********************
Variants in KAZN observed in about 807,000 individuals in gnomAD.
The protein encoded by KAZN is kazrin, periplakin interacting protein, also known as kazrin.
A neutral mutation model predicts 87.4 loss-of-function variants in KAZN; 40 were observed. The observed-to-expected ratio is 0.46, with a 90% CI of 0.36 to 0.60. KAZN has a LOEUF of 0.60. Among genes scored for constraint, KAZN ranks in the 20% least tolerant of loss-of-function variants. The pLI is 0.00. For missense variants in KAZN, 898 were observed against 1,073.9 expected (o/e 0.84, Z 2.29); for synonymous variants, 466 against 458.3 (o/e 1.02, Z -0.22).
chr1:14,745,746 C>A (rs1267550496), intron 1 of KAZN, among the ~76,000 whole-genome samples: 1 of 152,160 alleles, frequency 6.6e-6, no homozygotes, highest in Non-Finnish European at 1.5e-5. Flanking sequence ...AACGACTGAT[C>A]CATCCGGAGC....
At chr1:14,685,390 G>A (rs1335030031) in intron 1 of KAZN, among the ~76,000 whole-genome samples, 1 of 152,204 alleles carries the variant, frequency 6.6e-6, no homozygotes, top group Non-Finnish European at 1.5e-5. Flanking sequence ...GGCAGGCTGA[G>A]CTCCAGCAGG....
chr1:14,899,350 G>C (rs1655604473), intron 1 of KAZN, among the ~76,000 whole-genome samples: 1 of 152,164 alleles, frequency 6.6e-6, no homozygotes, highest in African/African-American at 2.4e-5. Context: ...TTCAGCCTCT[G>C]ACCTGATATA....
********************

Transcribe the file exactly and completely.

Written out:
Variants in KAZN observed in about 807,000 individuals in gnomAD.
The protein encoded by KAZN is kazrin, periplakin interacting protein, also known as kazrin.
A neutral mutation model predicts 87.4 loss-of-function variants in KAZN; 40 were observed. The observed-to-expected ratio is 0.46, with a 90% CI of 0.36 to 0.60. KAZN has a LOEUF of 0.60. Among genes scored for constraint, KAZN ranks in the 20% least tolerant of loss-of-function variants. The pLI is 0.00. For missense variants in KAZN, 898 were observed against 1,073.9 expected (o/e 0.84, Z 2.29); for synonymous variants, 466 against 458.3 (o/e 1.02, Z -0.22).
chr1:14,745,746 C>A (rs1267550496), intron 1 of KAZN, among the ~76,000 whole-genome samples: 1 of 152,160 alleles, frequency 6.6e-6, no homozygotes, highest in Non-Finnish European at 1.5e-5. Flanking sequence ...AACGACTGAT[C>A]CATCCGGAGC....
At chr1:14,685,390 G>A (rs1335030031) in intron 1 of KAZN, among the ~76,000 whole-genome samples, 1 of 152,204 alleles carries the variant, frequency 6.6e-6, no homozygotes, top group Non-Finnish European at 1.5e-5. Flanking sequence ...GGCAGGCTGA[G>A]CTCCAGCAGG....
chr1:14,899,350 G>C (rs1655604473), intron 1 of KAZN, among the ~76,000 whole-genome samples: 1 of 152,164 alleles, frequency 6.6e-6, no homozygotes, highest in African/African-American at 2.4e-5. Context: ...TTCAGCCTCT[G>C]ACCTGATATA....